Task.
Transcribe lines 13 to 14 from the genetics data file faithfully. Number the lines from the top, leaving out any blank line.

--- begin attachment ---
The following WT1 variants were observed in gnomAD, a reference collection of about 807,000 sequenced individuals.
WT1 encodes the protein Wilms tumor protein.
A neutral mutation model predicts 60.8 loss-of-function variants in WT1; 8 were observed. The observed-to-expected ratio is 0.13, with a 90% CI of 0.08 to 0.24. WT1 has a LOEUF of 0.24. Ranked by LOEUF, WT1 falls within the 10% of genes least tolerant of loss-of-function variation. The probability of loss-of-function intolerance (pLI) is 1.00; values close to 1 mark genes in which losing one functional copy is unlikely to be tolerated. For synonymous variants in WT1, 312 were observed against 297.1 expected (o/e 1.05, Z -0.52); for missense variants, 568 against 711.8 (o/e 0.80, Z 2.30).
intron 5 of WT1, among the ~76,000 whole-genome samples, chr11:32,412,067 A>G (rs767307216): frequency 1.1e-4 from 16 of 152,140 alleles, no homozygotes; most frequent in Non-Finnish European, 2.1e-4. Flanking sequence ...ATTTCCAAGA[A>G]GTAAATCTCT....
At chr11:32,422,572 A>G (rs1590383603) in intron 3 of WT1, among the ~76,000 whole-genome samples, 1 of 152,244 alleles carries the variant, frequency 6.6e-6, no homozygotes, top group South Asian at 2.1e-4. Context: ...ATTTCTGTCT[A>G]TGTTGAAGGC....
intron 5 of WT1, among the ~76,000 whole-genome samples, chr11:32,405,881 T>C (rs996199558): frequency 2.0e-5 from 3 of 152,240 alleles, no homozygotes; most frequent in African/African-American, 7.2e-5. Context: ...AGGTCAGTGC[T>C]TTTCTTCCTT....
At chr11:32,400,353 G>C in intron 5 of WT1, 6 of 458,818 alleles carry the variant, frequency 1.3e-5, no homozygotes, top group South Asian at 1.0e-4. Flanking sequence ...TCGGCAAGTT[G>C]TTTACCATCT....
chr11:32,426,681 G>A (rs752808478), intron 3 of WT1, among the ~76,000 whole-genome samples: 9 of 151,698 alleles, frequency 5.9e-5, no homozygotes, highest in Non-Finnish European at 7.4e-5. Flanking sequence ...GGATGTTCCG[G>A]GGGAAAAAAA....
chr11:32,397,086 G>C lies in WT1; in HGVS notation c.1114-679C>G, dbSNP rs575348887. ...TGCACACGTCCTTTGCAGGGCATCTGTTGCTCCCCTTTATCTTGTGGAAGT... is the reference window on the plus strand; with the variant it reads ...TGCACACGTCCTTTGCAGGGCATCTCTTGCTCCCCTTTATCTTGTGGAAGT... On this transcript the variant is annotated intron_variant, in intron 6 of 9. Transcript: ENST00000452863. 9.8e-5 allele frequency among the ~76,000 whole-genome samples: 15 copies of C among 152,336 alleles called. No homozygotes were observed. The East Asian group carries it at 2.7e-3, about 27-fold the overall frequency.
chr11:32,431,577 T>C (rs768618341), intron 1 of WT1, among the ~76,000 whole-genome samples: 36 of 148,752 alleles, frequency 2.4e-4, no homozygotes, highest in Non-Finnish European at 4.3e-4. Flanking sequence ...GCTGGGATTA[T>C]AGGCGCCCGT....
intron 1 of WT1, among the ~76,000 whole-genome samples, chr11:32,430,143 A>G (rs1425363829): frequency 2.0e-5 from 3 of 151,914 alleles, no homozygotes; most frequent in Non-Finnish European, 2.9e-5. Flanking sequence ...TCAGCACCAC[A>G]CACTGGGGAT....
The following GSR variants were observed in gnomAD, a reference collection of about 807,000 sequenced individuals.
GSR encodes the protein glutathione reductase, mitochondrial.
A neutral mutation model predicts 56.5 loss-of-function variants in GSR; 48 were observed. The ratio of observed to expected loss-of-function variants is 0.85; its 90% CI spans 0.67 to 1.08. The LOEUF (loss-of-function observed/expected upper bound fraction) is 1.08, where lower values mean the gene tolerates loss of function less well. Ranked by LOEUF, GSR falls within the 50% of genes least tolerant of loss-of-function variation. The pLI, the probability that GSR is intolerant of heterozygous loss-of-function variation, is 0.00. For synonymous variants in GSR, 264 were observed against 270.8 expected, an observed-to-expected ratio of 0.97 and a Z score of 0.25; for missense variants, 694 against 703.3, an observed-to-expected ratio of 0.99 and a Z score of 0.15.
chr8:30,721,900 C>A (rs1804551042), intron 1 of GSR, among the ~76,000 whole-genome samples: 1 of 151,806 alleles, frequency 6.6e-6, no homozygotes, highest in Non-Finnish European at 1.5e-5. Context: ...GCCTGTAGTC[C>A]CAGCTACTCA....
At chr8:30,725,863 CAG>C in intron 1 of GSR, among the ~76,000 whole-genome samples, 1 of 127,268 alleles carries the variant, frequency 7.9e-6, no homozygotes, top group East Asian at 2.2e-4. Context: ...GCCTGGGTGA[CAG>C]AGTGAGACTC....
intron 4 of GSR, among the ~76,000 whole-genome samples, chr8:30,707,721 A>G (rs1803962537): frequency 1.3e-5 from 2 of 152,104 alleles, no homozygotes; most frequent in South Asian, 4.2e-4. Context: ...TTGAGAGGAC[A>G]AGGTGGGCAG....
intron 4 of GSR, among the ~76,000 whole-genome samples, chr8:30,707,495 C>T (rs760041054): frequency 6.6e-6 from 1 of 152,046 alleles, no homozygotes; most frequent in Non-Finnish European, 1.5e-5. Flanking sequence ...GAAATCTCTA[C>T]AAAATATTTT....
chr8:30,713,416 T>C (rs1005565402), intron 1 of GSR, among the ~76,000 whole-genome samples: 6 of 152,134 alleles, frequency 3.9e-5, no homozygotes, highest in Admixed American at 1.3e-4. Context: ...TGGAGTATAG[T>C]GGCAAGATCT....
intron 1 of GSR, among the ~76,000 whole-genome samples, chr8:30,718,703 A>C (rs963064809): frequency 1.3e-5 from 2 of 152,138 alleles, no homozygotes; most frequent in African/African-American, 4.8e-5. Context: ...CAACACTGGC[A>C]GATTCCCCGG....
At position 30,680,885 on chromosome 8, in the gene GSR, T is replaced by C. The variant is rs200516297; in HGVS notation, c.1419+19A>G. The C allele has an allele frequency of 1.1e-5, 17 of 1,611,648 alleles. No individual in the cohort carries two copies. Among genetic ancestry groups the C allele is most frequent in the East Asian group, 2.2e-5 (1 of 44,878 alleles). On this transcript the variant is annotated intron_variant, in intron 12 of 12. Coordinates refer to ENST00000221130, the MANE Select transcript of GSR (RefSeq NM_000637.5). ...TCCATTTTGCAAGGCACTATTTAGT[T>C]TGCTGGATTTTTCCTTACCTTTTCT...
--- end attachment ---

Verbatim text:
GSR encodes the protein glutathione reductase, mitochondrial.
A neutral mutation model predicts 56.5 loss-of-function variants in GSR; 48 were observed. The ratio of observed to expected loss-of-function variants is 0.85; its 90% CI spans 0.67 to 1.08. The LOEUF (loss-of-function observed/expected upper bound fraction) is 1.08, where lower values mean the gene tolerates loss of function less well. Ranked by LOEUF, GSR falls within the 50% of genes least tolerant of loss-of-function variation. The pLI, the probability that GSR is intolerant of heterozygous loss-of-function variation, is 0.00. For synonymous variants in GSR, 264 were observed against 270.8 expected, an observed-to-expected ratio of 0.97 and a Z score of 0.25; for missense variants, 694 against 703.3, an observed-to-expected ratio of 0.99 and a Z score of 0.15.